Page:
Family journey of secrets and love

Our subconscious works away to connect the dots of our life and provide inspiration, writes Lisa Medved.

Inspiration is a fickle creature. It can be abrupt and blatant, experienced through intense life events and relationships, or it can lie buried deep, lurking in the shadows of the past and emerging at unexpected moments.

One of the inspirations for my novel, The Engraver’s Secret, was unknown to me as I drafted an early version. It materialised suddenly like a punch, while I was attending a writers’ conference.

A fellow writer at the conference asked about the inspiration for my novel. She listened, then accurately summarised my story as an art thriller that contrasted two father-daughter relationships four centuries apart with themes of family secrets, betrayal and lies.

“Was your book inspired by your experience of having a difficult relationship with your father?” she asked.

“No!” I replied, feeling indignant. “I’m very close with my father and love him enormously.”

Then it hit me. My novel alluded to my past, specifically, my birth father whom I have never met. The inspiration for my novel related to my 50-plus years of speculating about a stranger who had sired me, but had shown no interest in knowing me. It was about the mixed emotions I’d felt when I met my birth mother.

My parents brought me home from hospital when I was six weeks old, following a phone call from the social worker to say a baby girl was available for adoption. My mother, Frances, rushed out to buy a new baby bonnet while my father, George, finished preparing the nursery. I was quickly ensconced into the hearts and lives of my adoring parents.

The first eighteen months would have been especially exhausting, given I reportedly screamed whenever my mother tried laying me down. But she never voiced any frustration. She was finally holding her longed-for daughter in her arms.

I first met my birth mother when I was 21 years old. Keen to know my medical history and curious to know whose facial features I had inherited, I contacted the hospital where I was born.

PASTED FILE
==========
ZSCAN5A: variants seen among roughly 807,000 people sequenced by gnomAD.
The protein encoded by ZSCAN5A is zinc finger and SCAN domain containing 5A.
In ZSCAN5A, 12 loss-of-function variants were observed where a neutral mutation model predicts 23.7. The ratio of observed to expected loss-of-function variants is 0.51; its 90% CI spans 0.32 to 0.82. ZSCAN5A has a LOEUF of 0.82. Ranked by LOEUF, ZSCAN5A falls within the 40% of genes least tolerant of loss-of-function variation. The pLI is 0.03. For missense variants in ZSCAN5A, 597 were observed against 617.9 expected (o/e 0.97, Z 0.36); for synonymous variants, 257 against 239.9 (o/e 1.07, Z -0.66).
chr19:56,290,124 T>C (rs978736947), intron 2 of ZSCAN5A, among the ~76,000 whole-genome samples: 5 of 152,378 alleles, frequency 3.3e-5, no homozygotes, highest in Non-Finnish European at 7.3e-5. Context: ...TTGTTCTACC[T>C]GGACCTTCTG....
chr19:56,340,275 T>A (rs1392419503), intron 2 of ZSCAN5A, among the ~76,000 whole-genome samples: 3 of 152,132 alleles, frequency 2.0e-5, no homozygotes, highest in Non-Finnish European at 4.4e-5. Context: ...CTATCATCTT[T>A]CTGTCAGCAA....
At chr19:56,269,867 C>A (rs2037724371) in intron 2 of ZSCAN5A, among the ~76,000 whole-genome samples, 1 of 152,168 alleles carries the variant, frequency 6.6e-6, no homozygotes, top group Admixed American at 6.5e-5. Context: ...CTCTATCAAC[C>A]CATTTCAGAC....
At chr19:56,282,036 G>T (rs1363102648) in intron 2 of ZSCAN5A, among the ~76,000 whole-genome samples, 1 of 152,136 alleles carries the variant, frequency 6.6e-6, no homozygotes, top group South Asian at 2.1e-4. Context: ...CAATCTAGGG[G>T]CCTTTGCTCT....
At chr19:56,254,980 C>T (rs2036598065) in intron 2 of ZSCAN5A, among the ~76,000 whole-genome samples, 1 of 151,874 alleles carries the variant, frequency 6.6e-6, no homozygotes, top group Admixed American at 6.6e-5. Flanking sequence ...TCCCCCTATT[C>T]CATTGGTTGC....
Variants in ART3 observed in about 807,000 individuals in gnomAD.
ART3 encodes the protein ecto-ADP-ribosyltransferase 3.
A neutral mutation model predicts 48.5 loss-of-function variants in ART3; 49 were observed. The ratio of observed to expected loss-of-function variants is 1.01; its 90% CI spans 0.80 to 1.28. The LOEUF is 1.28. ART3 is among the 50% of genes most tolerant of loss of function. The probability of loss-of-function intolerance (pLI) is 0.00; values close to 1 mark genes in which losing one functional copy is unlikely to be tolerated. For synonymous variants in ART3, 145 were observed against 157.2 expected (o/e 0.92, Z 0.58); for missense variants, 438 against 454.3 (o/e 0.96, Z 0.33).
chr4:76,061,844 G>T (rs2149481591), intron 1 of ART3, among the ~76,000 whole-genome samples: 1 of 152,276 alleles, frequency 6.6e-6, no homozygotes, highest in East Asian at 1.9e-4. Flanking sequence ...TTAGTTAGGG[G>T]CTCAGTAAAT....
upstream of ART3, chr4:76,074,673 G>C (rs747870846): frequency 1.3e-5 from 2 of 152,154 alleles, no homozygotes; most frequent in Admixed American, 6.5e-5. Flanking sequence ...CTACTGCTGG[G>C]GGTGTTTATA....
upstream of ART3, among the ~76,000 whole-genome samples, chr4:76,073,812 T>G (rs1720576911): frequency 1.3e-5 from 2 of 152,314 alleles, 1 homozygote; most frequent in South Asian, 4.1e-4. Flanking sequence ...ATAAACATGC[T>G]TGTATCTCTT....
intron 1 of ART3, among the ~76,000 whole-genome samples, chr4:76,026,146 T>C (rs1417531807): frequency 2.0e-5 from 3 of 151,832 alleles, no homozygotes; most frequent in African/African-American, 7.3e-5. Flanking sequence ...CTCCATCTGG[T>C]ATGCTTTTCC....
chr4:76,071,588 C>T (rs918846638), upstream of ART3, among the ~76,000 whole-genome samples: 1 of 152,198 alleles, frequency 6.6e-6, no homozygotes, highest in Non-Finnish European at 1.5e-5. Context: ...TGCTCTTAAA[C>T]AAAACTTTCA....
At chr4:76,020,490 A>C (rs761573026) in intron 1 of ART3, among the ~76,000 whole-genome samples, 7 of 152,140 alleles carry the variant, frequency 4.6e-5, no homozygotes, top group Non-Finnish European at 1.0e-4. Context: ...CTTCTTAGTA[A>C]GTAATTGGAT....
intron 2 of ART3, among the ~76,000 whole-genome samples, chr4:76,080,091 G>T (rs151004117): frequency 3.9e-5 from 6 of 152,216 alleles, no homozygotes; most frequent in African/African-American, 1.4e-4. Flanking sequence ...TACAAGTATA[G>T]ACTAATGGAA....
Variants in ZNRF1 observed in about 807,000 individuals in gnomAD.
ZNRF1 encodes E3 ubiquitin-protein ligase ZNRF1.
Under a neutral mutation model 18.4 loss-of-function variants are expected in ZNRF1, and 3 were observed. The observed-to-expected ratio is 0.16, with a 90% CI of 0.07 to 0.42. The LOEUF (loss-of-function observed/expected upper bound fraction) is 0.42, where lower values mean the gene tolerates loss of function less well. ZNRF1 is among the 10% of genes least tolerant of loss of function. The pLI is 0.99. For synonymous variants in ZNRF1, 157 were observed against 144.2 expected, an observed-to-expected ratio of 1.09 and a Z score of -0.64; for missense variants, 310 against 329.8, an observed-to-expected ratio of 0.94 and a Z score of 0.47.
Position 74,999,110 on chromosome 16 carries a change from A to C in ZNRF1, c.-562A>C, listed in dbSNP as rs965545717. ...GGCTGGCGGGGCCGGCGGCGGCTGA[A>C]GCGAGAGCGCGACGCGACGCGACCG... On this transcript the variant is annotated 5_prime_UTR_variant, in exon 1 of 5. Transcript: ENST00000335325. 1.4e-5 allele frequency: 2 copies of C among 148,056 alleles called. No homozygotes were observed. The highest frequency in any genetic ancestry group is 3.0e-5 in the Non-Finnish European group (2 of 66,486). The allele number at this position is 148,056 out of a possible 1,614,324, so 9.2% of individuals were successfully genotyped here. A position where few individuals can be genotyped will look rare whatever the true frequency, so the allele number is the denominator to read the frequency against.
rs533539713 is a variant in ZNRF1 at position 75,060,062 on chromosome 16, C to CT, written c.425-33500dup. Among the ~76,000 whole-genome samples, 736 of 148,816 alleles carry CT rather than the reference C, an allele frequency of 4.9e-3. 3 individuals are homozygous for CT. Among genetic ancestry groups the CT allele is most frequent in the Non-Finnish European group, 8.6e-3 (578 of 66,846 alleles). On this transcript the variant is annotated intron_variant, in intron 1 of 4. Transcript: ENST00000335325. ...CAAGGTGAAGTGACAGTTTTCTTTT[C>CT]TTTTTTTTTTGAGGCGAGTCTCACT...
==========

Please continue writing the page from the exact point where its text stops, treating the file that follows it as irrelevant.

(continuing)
When I knocked on her front door, I was filled with apprehension and excitement. Would she like me? Would I like her? Would we connect through a shared sense of humour, so vital when building rapport. Would our conversation be engaging or filled with awkward silences? What were her expectations? What were mine?

Most children have some form of relationship, positive or otherwise, with their parents. They know their parents’ habits, character traits and core beliefs; what makes them laugh, cry and rage.

My birth mother was a stranger to me, yet strangely familiar. I searched for similarities – the same shaped face, eyes and build – and wondered whether our shared interest in cooking was genetic or coincidence. Many people enjoy cooking, don’t they?

She willingly shared the details of my birth father, my arrival, and her decision to have me adopted, but we danced around our emotions, keeping them unspoken. The emotions surrounding my birth are her story, and my birth father’s story. They are not for me to reveal.

Focusing on the present and not overthinking the past, I told myself, would help our relationship develop naturally. Although she revealed a past that involved betrayals, secrets and heartbreak, I was thankful she focused on the positives of her life.

I was pleased she acknowledged that I had amazing parents who had nurtured me from the beginning.

I completed the final draft of my novel with the realisation that the fictional story was inspired by my journey. My search is woven into the fabric of my invented characters. Our sub-conscious is a powerful force, working away in the background, connecting the dots of our life from its beginning to the now.

When my fictional character, Charlotte, comes face-to-face with her birth father for the first time, I knew exactly how she felt. Her confusion and anxiety were mine, too. Like me, Charlotte tiptoes around past secrets and searches for meaning and closure, aware that her life could have been vastly different if not for the decisions of two people.

I remain forever thankful for my wonderful parents, George and Frances, who loved and nurtured me, and chose me to be their daughter. And I am forever thankful for the brave woman who gave birth to me and chose to give me an extraordinary life.

The Engraver’s Secret by Lisa Medved, published by HarperCollins, is out now.

Photograph credit: Rod Andrewartha

From an article published in print and online newspapers: The Sunday Telegraph, The Sunday Herald Sun, The Sunday Tasmanian, The Sunday Mail, The Cairns Post, The NT News, The Chronicle, Courier Mail, The Mercury, Geelong Advertiser, The Advertiser, Toowoomba Chronicle, Gold Coast Bulletin, Townsville Bulletin, 22-24 June 2024


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